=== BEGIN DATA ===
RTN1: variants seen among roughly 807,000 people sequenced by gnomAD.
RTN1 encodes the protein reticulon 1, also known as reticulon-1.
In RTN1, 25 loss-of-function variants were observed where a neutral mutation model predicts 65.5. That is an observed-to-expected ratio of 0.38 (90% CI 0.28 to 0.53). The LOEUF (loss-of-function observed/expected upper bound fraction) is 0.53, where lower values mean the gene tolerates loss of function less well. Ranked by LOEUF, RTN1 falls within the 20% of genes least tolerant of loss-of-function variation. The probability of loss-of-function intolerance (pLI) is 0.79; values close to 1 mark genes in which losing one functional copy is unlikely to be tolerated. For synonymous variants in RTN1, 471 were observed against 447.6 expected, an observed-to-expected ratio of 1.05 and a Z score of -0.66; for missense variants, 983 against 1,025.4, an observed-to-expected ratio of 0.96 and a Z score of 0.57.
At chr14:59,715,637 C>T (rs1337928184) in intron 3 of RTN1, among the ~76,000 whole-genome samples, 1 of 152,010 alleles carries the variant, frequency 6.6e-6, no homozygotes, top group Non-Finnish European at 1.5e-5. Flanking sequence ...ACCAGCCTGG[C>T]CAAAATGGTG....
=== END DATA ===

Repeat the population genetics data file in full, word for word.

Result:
RTN1: variants seen among roughly 807,000 people sequenced by gnomAD.
RTN1 encodes the protein reticulon 1, also known as reticulon-1.
In RTN1, 25 loss-of-function variants were observed where a neutral mutation model predicts 65.5. That is an observed-to-expected ratio of 0.38 (90% CI 0.28 to 0.53). The LOEUF (loss-of-function observed/expected upper bound fraction) is 0.53, where lower values mean the gene tolerates loss of function less well. Ranked by LOEUF, RTN1 falls within the 20% of genes least tolerant of loss-of-function variation. The probability of loss-of-function intolerance (pLI) is 0.79; values close to 1 mark genes in which losing one functional copy is unlikely to be tolerated. For synonymous variants in RTN1, 471 were observed against 447.6 expected, an observed-to-expected ratio of 1.05 and a Z score of -0.66; for missense variants, 983 against 1,025.4, an observed-to-expected ratio of 0.96 and a Z score of 0.57.
At chr14:59,715,637 C>T (rs1337928184) in intron 3 of RTN1, among the ~76,000 whole-genome samples, 1 of 152,010 alleles carries the variant, frequency 6.6e-6, no homozygotes, top group Non-Finnish European at 1.5e-5. Flanking sequence ...ACCAGCCTGG[C>T]CAAAATGGTG....